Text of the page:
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Drugs. 2003;63(22):2395-411.

Drug therapy for adults with attention-deficit hyperactivity disorder.

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  • 1Clinical Research Program in Pediatric Psychopharmacology, Massachusetts General Hospital and Harvard Medical School, Boston, Massachusetts 02114, USA.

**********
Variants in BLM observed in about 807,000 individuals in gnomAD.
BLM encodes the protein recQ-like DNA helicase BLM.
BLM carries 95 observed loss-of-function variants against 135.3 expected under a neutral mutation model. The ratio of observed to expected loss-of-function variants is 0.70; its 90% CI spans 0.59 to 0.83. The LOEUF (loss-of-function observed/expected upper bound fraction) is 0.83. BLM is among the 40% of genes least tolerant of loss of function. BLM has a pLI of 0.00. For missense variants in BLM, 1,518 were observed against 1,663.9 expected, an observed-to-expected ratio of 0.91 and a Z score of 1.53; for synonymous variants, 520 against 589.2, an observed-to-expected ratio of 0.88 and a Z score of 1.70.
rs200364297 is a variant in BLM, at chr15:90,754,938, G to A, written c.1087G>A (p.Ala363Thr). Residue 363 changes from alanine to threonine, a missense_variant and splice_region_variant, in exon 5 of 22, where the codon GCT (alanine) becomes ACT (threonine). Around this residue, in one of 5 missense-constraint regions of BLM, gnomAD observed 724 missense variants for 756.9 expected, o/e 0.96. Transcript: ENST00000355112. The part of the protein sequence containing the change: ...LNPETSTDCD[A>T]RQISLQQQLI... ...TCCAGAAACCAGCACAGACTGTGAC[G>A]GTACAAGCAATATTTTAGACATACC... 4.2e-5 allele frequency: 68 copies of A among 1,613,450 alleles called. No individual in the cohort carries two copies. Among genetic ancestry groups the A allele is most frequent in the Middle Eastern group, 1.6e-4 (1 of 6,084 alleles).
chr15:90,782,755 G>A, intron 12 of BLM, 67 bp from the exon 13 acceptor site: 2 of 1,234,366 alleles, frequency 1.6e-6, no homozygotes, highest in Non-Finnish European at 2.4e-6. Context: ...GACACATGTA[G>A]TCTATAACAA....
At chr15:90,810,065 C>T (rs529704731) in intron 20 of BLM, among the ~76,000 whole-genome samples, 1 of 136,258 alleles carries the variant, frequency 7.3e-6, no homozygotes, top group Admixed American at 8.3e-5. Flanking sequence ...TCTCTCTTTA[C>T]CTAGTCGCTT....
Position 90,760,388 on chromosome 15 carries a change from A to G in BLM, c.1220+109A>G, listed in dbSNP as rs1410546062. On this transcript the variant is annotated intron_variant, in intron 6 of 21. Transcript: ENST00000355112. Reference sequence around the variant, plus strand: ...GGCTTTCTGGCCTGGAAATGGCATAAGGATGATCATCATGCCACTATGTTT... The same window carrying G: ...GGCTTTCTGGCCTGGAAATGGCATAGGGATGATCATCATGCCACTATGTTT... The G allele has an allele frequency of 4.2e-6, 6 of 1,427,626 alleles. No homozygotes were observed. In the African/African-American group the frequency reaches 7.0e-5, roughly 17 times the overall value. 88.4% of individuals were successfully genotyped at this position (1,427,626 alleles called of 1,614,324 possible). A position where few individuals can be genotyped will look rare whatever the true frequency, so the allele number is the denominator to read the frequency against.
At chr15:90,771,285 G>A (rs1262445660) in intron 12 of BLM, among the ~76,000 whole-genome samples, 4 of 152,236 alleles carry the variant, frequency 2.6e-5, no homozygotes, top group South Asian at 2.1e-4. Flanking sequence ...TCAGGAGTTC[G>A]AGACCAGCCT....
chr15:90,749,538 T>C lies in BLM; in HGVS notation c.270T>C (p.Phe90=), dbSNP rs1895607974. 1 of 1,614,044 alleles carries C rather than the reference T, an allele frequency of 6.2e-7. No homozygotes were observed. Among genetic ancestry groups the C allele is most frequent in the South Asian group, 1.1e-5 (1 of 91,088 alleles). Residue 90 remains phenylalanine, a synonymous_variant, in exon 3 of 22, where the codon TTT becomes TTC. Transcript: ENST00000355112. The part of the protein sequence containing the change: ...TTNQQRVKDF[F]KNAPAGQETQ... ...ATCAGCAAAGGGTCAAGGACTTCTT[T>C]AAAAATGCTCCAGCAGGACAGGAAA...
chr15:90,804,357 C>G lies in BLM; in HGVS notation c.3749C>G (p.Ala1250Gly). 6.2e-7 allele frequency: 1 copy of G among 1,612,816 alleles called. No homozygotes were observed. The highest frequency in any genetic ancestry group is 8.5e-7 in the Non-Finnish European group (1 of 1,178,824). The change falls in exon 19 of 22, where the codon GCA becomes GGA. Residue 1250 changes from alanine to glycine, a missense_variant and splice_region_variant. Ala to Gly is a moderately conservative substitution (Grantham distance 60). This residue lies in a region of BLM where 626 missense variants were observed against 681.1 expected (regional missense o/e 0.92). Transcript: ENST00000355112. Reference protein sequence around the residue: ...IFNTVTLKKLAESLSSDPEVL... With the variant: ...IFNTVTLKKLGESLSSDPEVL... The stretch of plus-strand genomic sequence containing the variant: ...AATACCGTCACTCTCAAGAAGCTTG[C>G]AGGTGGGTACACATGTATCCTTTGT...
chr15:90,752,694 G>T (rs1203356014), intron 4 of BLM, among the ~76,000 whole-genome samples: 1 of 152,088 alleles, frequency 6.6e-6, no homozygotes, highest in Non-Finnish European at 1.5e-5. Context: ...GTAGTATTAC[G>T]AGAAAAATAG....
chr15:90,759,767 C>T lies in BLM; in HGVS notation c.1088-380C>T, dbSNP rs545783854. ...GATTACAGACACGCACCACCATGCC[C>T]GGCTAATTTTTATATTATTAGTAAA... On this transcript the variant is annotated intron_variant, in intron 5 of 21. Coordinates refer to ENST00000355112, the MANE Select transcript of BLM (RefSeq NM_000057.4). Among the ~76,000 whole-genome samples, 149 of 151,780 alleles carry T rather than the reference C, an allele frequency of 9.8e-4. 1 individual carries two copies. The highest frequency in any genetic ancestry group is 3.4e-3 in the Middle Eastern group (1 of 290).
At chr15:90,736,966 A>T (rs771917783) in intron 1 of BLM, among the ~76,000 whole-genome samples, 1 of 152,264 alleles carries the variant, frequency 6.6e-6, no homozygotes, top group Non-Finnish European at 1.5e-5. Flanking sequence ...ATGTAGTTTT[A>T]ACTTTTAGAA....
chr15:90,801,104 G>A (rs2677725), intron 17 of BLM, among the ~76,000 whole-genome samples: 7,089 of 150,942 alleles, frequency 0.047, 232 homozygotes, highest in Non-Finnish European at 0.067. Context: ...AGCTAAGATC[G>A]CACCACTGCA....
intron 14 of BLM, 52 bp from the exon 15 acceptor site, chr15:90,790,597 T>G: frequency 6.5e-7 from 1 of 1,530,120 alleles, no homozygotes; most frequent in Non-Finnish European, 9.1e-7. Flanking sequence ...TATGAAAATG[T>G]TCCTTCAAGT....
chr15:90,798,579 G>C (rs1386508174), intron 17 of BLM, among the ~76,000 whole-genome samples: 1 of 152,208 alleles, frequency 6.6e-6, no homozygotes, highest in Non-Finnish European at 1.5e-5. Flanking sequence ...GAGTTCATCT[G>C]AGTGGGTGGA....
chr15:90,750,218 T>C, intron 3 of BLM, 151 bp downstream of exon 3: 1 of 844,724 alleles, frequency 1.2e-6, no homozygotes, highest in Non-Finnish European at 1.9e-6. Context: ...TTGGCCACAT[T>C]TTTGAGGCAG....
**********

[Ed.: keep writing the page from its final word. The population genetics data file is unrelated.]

Practitioners are increasingly called upon to diagnose and treat attention deficit hyperactivity disorder (ADHD) in adults. Although the use of pharmacotherapy in children with ADHD is well studied, the use of drugs for the treatment of adults with ADHD remains less well established.A systematic review of the literature identified 15 studies (n = 482 patients) of stimulants, and 27 studies of nonstimulant medications (n = 1179 subjects) including antidepressants, norepinephrine reuptake inhibitors, antihypertensive agents, amino acids and wake-promoting agents for the treatment of ADHD in adults. Controlled clinical trials in adults showed that stimulants, antidepressants and norepinephrine reuptake inhibitors demonstrated significant short-term improvements in ADHD symptoms compared with placebo. The two longer term trials with methylphenidate in adults confirmed the ongoing effectiveness and tolerability of stimulants. The response to amphetamine and methylphenidate appears to be dose-dependent. Methylphenidate and amphetamine had an immediate onset of action, whereas responses to pemoline, antidepressants and norepinephrine reuptake inhibitors appeared delayed. Controlled data on nicotinic/cholinergic compounds appear promising. Considerable variability was found in the diagnostic criteria for ADHD in adults, drug dosages and response rates between the various studies. Under controlled conditions, the aggregate literature comprised mainly of short-term studies, shows that stimulants, norepinephrine reuptake inhibitors and specific antidepressants had clinically and statistically significant beneficial effects in the treatment of ADHD in adults. Cholinergic agents appear promising. Further studies are necessary to evaluate the long-term effectiveness and tolerability of various agents, functional and neuropsychological outcomes, and the use of various agents in specific subgroups of adults with ADHD.

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